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City of SLO moves toward becoming carbon neutral with plan to swap energy sources

Posted at 4:42 PM, Sep 24, 2018

Following years of consideration, the City of San Luis Obispo is buying into a program that cleans up the city’s energy sources, the same plan SLO County Commissioners tabled earlier this year due to its anticipated financial impact.

SLO City Council members made a unanimous vote this month to approve Community Choice Energy, which moves the city’s energy sources away from carbon power in response to address climate change.

“The goal is carbon free so the renewable energy sources like solar, wind, hydro,” SLO Climate Action Task Force Chairman Eric Veium said.

The city council vote puts the city on track to that goal of becoming carbon neutral by 2035.

“It allows our community to pool our electricity buying power to purchase electricity that’s cleaner and costs less,” Veium said. “It allows local control and the power of choice.”

Under the program, which operates in 18 other California cities, electricity will continue to be distributed through PG&E.

“We still provide their electricity through our distribution and transmission system, we still have customer service, billing and meter reading and emergency response services,” PG&E Communications Director Mark Mesesan said.

The difference is where that power comes from. Instead of relying on generators like Diablo Canyon Power Plant, the City will instead invest in wind, solar and hydro-power.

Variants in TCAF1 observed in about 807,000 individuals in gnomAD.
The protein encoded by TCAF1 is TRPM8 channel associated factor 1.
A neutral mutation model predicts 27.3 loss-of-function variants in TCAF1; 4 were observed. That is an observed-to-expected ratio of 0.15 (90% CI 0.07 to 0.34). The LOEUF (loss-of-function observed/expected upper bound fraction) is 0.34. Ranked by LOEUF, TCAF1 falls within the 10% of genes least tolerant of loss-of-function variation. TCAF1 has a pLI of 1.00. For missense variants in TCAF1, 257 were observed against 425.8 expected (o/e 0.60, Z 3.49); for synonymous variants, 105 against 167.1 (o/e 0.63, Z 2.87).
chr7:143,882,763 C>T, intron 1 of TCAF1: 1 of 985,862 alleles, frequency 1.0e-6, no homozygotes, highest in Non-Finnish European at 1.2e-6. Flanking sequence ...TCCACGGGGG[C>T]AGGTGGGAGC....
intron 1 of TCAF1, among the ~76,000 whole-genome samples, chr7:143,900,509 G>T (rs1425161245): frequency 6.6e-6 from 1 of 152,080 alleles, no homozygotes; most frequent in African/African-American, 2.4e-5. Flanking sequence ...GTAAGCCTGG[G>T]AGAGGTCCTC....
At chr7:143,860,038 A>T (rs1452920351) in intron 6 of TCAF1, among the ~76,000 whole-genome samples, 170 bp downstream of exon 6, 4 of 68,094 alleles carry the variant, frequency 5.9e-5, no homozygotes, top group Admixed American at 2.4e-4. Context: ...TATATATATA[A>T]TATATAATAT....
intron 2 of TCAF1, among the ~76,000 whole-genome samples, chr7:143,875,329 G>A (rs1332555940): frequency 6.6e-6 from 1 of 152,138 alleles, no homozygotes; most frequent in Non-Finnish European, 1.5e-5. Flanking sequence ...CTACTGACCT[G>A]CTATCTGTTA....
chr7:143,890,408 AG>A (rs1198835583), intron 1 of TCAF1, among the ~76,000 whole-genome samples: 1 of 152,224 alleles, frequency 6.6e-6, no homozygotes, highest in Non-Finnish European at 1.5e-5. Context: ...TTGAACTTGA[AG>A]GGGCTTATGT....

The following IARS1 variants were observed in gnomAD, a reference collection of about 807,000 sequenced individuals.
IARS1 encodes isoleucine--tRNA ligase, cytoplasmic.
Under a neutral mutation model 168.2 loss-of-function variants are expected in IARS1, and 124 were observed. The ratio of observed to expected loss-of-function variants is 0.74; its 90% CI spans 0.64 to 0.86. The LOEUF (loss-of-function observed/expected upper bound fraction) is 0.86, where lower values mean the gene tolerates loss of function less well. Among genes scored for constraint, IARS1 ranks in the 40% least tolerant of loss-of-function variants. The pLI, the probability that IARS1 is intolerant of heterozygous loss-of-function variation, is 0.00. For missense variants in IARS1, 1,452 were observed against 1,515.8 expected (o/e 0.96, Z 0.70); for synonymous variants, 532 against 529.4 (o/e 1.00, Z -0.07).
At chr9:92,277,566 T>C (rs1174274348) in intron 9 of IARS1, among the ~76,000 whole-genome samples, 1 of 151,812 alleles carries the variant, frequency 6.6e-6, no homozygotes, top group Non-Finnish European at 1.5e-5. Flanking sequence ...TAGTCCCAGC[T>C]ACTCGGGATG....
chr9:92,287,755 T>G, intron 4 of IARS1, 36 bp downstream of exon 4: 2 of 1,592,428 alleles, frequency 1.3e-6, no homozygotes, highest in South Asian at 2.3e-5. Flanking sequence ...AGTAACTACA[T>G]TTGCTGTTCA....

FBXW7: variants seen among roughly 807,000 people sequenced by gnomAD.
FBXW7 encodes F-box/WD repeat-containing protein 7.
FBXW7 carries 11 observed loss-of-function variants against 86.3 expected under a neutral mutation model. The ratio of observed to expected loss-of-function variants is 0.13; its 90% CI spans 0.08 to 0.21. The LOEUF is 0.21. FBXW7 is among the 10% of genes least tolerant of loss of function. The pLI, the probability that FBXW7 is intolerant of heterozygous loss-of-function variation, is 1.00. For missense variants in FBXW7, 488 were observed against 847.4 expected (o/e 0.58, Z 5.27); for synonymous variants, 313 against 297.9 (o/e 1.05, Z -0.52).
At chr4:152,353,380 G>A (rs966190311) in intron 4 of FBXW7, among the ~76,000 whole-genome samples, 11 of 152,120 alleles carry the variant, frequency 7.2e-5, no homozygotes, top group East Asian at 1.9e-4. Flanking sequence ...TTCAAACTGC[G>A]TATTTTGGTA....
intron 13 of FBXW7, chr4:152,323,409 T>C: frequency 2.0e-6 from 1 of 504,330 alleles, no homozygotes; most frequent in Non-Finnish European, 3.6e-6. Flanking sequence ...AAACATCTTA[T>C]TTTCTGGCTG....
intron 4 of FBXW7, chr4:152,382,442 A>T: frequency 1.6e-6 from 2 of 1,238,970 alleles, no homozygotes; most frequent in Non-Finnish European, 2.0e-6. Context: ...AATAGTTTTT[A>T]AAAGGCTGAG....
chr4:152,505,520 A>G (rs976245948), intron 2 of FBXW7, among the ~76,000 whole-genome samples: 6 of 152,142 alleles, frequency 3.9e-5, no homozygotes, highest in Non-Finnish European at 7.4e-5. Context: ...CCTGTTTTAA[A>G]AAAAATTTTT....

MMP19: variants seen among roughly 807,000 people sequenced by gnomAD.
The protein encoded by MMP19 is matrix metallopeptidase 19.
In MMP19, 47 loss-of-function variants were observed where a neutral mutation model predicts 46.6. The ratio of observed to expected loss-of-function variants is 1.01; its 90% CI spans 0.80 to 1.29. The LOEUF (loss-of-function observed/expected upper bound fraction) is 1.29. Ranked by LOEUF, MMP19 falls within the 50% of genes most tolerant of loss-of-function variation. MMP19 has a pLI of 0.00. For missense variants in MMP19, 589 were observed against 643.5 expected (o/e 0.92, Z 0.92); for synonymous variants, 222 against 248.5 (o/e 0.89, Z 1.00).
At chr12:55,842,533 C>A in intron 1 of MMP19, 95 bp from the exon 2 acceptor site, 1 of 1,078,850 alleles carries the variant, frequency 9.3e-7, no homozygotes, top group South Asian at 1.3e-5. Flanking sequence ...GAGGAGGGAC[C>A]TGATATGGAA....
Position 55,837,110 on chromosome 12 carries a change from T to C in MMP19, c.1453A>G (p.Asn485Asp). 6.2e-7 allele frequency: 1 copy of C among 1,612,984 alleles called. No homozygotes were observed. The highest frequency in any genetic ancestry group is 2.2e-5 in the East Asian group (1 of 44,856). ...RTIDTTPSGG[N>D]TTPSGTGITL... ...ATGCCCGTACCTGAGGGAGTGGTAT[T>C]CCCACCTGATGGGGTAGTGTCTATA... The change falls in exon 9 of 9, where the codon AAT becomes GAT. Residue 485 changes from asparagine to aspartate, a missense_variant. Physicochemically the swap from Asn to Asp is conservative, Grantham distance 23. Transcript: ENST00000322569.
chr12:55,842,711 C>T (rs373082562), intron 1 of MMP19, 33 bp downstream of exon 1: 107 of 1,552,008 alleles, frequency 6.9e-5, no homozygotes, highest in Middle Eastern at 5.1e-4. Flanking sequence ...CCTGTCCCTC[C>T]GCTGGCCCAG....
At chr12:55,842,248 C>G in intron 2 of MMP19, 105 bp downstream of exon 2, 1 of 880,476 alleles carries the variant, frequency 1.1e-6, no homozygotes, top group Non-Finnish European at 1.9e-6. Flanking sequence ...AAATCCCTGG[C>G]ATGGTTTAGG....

“Same service from PG&E, same reliability, cleaner sources that cost less,” Veium said.

The City is now taking up the same program the County tabled earlier this year, following unfavorable results from a feasibility study.

That study focused on a tri-county area including SLO and Santa Barbara counties, highlighted financial risks and ultimately concluded there would be insufficient revenues to sustain the program.

“That study was deeply flawed,” Veium said, noting that the earlier study focused on the tri-county area, which doesn’t fall entirely within PG&E territory.

But a new study with a more narrowed focus released this month shows a different outcome for the City of SLO with potential to net millions of dollars in revenue by the 3-year mark.

Those savings would be reflected on the customer’s bill.

The City of Morro Bay will vote on whether to join in on Community Choice Energy at a meeting set for Tuesday.